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HIPAA mandates and meaningful use audits tighten up the security rules that healthcare providers must follow. At the same time, a fledgling mHealth landscape heightens the risk of data breaches. All the while, next-generation threats to the security of patient data are beginning to emerge, forcing healthcare CIOs to take a longer, harder look at upgrading patient data security.
Healthcare organizations can recognize and potentially evade patient data security threats by using gap analysis and security information and event management (SIEM) software, as well as log management, said three security leaders during a recent eiQnetworks-hosted webinar, "Unified Situational Awareness for Compliant and Secure Healthcare."
"Data security is something I don't think you can ever check the box for," said Ken Beasley, director of information security and information security officer at Virginia Hospital Center in Arlington. "It's always going to be changing. It's something you'll always have to watch."
Beasley said that after he and his team saw a few cost assessments from initial HIPAA audits reported in the news -- including fines that ranged from $100 to $1.5 million -- they immediately hired a security risk analysis consultant, a step most practices are apt to begin with.
The analysis forced Virginia Hospital's security team to critically evaluate how secure their patients' protected health information (PHI) really was. They asked, were there PHI data points left unsecured on file servers, mobile devices or laptops? Who had access to those files? And did those employees have the ability to move secure information from those locations out of the organization? "It sparked good questions, but our answers weren't all that great," Beasley said.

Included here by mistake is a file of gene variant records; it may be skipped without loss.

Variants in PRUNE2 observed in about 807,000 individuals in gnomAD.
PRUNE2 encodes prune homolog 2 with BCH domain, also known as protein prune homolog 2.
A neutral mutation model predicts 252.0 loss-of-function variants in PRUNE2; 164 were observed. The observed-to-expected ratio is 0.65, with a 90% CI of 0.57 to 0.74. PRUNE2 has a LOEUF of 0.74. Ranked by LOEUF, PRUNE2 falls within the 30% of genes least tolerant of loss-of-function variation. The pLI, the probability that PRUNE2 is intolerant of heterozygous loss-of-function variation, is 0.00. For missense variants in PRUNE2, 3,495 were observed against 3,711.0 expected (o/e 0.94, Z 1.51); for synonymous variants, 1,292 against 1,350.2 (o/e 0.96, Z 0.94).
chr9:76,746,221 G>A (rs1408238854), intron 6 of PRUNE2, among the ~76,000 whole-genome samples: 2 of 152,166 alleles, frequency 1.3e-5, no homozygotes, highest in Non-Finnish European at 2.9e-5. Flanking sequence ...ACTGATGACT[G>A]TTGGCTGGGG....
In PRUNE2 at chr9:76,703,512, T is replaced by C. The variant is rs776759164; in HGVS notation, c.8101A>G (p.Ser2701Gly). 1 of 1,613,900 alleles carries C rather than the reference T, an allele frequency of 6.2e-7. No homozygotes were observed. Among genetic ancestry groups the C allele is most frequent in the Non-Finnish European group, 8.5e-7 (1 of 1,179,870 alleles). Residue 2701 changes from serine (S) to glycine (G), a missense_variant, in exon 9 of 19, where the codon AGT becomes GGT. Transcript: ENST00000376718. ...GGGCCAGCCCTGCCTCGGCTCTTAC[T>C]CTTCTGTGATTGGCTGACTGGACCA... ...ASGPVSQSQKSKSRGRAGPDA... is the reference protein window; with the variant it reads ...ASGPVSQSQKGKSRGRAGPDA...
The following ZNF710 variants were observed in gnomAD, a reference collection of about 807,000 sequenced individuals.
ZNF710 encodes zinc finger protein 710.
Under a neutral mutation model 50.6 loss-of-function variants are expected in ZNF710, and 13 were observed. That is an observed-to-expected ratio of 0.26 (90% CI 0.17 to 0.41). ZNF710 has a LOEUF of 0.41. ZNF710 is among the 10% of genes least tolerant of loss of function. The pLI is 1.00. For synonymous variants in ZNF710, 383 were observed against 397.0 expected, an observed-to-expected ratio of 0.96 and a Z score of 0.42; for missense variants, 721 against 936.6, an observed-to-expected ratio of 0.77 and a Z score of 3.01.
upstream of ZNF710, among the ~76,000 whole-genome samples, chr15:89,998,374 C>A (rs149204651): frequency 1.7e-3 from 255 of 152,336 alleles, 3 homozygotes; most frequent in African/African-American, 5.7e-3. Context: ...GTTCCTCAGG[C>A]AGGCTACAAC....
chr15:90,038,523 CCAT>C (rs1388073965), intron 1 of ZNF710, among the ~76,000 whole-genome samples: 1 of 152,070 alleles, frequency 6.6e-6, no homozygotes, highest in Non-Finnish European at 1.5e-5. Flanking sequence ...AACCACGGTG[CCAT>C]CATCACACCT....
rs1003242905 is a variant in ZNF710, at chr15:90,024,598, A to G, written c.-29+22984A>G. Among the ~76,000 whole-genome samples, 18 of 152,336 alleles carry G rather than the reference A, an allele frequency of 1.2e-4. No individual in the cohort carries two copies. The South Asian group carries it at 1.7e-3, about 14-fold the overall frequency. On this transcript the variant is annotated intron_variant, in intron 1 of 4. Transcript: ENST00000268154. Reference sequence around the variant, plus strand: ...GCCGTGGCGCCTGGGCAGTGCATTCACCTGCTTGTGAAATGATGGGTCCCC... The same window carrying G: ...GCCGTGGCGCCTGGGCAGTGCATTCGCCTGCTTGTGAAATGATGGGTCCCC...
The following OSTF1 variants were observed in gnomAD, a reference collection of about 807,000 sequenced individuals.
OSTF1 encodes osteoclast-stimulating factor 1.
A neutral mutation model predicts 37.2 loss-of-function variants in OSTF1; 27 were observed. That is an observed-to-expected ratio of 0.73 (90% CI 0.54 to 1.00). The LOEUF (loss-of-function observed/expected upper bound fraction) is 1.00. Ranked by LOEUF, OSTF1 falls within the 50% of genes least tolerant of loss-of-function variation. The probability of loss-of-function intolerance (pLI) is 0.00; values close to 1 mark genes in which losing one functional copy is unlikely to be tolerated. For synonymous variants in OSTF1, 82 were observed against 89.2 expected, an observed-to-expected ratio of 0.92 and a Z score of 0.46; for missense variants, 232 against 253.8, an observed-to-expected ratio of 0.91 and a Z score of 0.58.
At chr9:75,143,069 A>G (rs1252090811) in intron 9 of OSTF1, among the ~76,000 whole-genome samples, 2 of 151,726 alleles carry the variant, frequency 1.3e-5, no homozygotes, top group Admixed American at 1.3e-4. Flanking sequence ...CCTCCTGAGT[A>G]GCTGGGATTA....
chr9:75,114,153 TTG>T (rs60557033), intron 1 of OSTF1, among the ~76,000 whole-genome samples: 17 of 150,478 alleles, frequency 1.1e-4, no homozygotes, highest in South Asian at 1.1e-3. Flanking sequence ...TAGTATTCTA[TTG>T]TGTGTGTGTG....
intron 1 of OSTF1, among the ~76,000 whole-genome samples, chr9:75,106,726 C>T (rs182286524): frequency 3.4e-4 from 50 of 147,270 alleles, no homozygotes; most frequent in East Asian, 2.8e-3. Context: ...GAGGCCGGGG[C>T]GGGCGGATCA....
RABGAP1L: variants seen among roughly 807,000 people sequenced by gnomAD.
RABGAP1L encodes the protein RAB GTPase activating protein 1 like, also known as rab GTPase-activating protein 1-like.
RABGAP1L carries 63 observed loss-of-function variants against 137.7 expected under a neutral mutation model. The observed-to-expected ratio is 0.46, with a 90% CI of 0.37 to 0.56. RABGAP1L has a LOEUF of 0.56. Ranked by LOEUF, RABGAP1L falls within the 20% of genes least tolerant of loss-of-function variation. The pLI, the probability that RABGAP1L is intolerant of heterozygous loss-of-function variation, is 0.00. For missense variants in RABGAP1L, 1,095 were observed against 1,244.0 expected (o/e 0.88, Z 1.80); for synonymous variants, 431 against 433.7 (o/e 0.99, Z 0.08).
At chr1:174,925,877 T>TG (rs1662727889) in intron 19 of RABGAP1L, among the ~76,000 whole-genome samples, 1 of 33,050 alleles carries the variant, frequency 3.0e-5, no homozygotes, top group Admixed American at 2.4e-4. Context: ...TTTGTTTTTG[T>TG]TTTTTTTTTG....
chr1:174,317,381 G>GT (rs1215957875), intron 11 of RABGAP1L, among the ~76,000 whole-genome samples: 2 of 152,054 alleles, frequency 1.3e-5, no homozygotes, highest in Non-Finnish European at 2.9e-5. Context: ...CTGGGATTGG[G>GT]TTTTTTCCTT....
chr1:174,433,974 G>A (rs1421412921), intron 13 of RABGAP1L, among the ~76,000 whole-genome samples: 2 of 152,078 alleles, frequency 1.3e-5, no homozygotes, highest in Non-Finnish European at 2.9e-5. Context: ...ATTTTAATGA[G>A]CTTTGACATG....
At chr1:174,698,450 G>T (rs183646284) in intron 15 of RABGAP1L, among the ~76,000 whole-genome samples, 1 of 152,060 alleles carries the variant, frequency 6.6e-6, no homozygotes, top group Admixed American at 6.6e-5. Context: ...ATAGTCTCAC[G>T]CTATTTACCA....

To decide where to start, Virginia Hospital commissioned a gap analysis to determine which systems were on lock, which practices needed improvement and how big a gap lay between the two.
After examining policies and procedures and other current administrative controls, risk management plans, and executive support, as well as risk-deterrence practices and technical controls at data centers, it was obvious Virginia Hospital's security plan was deficient, Beasley said.
One area that especially stuck out was activity monitoring in the hospital's EHR system and other systems storing patient data. Virginia Hospital had only limited ability to see what its users were doing, and security officers had to log in separately to each system a user had accessed to determine what he or she had done with the data. Beasley acknowledged that the hospital's activity monitoring could be inefficient in the event of a HIPAA compliance audit.
In addition to ramping up security, the hospital also wanted to implement SIEM solutions and real-time analysis of security alerts that could provide meaningful information about potential threats and generate reports for compliance purposes.
Most healthcare facilities design their security plans to be reactive, not proactive, when it comes to combating attacks, said Joe Partlow, director of technical services at ReliaQuest.
Partlow listed several technologies that healthcare organizations can employ to monitor data access and identify potential threats: Web proxy logs, firewall router logs, configuration data, antivirus and antimalware, NetFlow, and intrusion detection systems.
It's hard, however, to look at activity across different logs and devices and find meaningful patterns, Partlow said. That's where SIEM systems come in. He also suggested that IT teams cull data logs for logins or traffic spikes at odd hours -- which could indicate foreign hackers in different time zones -- and pay special attention to individual remote users, who are usually the first to get hit. "Logs are key," he said, adding that IT managers should be able to track traffic at least 90 days back in order to keep long and slow attacks on the radar. "These [hackers] are coming in multiple ways, using multiple methods. [Organizations] need to take a holistic view at the network."
There are still accidental data losses to consider as well, such as misplaced or stolen mobile devices, which result in HIPAA penalties and mandatory public disclosures that make headlines.
Healthcare organizations should begin to mitigate the risk of a data breach by encrypting mobile devices, said Brian Mehlman, senior director of product management at eiQnetworks. They should take the additional step of using security software to aggregate devices to see when and where they were last accessed. Encryption is often a baseline requirement in security configuration audits or risk analysis, he added.
As organizations continue to use security software to analyze data access logs, get threat alerts and increase visibility, they'll be able to home in on other contextual security factors as well, things like user identity and network flows that can help detect potential threats even earlier in the process, Mehlman said.